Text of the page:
Various levels of horizontal violence within the medical profession can take shape in various forms, such as bickering amongst staff, verbal abuse, intimidating another peer and blaming, amongst other mediums. The nurse whom is being victimized will most likely be stressed prior to any form of abuse due to high demands of the role he/she is undertaking. The victim is under increasing pressure to perform to their best potential within their role, and any abuse received will only create further stress and tension.
According to a study conducted by Kathleen Bartholomew, it was estimated that 46 -100 per cent of nurses reported horizontal violence within the workplace.
Horizontal violence sounds harsh, doesn’t it? A simple scowl from a colleague or refusal to help or assist another nurse is classed as violence. Physical attacks or contact is rare, however; something as simple as a glare can be classed as horizontal violence within the workplace. Basically, if anyone who works in the medical sector, whether it be a nurse, Doctor or Physician – inflicting any form of abuse or causing stress to another colleague is within the boundaries of what is classed as such violence.
The Impact of Horizontal Violence
When a nurse becomes a victim of this type of abuse it can be a catalyst for numerous repercussions – not only in the workplace but at home also. Imagine a hard-working nurse beginning their shift. They enter their work environment, prepared to give their all – they are feeling positive for the day ahead. They assume their role and another colleague insults them for doing their job. The individual could be affected by hostility, aggression or simply be disrespected for their efforts. The impact of receiving such abuse can lead to the individual feeling worthless, sad and unmotivated to continue with the rest of the day. The most poignant point of horizontal violence is that if the victim performs unwillingly then this will have a knock-on-effect on patient care. The stress upon the individual will can also promote negativity within the workplace and others will sense the negative atmosphere.
The one affected will probably take the stress of work home with them, and continuous stress can lead to the sufferer developing low self-esteem, depending on the level of violence. Lack of confidence is another factor that will not only affect the person involved but will evidently show within the work place. An unhappy worker is not an efficient worker, and this is something that seriously needs to be addressed, especially when patient care and compassion should be on the person’s list of top priorities.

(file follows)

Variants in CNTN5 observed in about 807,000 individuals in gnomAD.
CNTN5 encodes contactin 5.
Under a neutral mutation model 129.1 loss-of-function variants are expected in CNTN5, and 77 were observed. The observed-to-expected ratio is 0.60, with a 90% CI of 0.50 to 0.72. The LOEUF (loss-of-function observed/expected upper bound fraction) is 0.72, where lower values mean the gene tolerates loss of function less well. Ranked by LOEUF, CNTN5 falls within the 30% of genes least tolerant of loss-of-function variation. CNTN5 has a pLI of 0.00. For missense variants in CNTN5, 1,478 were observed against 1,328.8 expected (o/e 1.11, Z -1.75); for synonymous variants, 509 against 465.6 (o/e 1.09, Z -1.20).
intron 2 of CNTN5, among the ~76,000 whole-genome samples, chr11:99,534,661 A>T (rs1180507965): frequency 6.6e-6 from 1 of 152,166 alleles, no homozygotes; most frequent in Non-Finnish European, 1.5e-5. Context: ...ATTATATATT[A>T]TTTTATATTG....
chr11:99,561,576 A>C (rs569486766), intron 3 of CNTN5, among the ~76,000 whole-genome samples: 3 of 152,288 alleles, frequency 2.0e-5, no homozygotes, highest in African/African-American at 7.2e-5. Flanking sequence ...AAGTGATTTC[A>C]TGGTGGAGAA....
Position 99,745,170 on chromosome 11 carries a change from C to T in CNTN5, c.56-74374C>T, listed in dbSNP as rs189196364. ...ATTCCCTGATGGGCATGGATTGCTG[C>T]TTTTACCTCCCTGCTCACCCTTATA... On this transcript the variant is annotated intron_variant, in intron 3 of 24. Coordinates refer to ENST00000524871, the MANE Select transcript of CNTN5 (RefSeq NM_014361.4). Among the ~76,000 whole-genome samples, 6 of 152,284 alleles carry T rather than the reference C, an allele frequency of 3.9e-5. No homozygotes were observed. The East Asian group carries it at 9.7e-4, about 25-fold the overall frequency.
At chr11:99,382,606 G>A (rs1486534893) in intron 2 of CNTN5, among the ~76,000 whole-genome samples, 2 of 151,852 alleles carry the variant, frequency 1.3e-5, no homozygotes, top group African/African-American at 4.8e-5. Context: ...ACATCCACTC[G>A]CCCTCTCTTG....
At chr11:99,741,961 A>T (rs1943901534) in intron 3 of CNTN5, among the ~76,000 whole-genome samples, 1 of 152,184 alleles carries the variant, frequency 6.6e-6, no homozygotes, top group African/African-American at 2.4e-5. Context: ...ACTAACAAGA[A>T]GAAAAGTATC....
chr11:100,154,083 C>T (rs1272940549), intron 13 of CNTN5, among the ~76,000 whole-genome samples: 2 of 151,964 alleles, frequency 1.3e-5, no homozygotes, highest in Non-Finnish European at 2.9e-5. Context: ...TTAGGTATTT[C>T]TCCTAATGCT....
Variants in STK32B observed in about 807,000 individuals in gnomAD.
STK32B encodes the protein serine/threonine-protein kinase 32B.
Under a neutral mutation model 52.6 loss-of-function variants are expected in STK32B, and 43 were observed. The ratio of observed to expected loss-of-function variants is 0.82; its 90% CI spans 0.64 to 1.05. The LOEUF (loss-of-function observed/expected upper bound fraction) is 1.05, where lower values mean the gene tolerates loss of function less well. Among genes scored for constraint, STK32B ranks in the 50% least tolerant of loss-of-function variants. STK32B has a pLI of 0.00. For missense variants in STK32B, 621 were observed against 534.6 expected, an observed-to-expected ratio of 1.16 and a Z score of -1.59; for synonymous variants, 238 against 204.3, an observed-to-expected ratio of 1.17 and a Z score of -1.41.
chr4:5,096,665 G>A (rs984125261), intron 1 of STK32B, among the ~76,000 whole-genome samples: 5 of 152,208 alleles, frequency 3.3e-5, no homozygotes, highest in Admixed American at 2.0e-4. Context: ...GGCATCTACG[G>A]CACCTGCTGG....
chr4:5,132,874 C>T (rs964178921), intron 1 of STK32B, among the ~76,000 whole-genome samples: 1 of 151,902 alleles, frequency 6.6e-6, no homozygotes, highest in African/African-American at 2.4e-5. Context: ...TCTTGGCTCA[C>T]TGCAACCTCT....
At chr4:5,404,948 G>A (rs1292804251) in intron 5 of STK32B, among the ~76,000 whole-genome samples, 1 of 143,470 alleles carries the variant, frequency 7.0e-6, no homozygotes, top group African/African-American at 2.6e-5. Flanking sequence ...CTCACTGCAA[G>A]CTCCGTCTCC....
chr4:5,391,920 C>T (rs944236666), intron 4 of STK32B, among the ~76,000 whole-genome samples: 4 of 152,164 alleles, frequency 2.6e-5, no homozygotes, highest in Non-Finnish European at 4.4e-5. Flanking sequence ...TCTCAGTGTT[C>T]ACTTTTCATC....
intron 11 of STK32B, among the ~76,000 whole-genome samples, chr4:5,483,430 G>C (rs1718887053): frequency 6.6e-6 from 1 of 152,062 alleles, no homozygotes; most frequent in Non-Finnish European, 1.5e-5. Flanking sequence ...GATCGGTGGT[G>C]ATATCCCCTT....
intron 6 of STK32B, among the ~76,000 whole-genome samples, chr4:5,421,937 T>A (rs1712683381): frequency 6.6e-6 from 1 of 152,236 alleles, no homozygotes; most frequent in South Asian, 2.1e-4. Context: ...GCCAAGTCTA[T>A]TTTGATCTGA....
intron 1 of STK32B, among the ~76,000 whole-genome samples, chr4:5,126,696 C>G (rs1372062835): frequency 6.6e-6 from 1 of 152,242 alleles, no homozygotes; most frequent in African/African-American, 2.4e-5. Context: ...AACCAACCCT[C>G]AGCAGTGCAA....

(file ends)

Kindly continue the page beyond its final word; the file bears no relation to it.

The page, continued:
If the abuse continues for the nurse involved then it can lead to the person feeling forced to take time off work – this can also lead to a disciplinary for the victim, which causes more stress. Furthermore, termination of employment could be a factor if the violence continues.
What Can be Done?
Horizontal violence in nursing can be dealt with by immediately addressing the situation once it has occurred. More importantly, awareness should be raised about the problem in general. A victim of violence, whether it be verbally or physically should never suffer in silence. By speaking up, the victim is taking a major step in helping to diminish horizontal violence in nursing – awareness is crucial!
To prevent an individual from suffering humiliation or deprecation, management should be whole-heartedly involved in ridding horizontal violence from the workplace. Management can offer support to the individuals suffering and ensure that the whole staff are aware of the consequences of horizontal violence.
It has become more popular for patients to use online diagnosing rather than visiting the hospital for treatment or care. The positive aspects of this are that patients who choose this method will not notice the effects of horizontal violence. More so, a patient could have been in a situation where such infliction has occurred and be hindered by the experience thus choosing to use other methods of care. Sometimes, medical help is needed and examination is detrimental to patient care. If horizontal violence is lessened within the medical sector then patients and nurses alike will feel more at ease, whether that be within a work environment or somebody who needs to receive exemplary care.
Lily Dyer is a freelance health writer working with health organisations and medical professionals to deliver information online.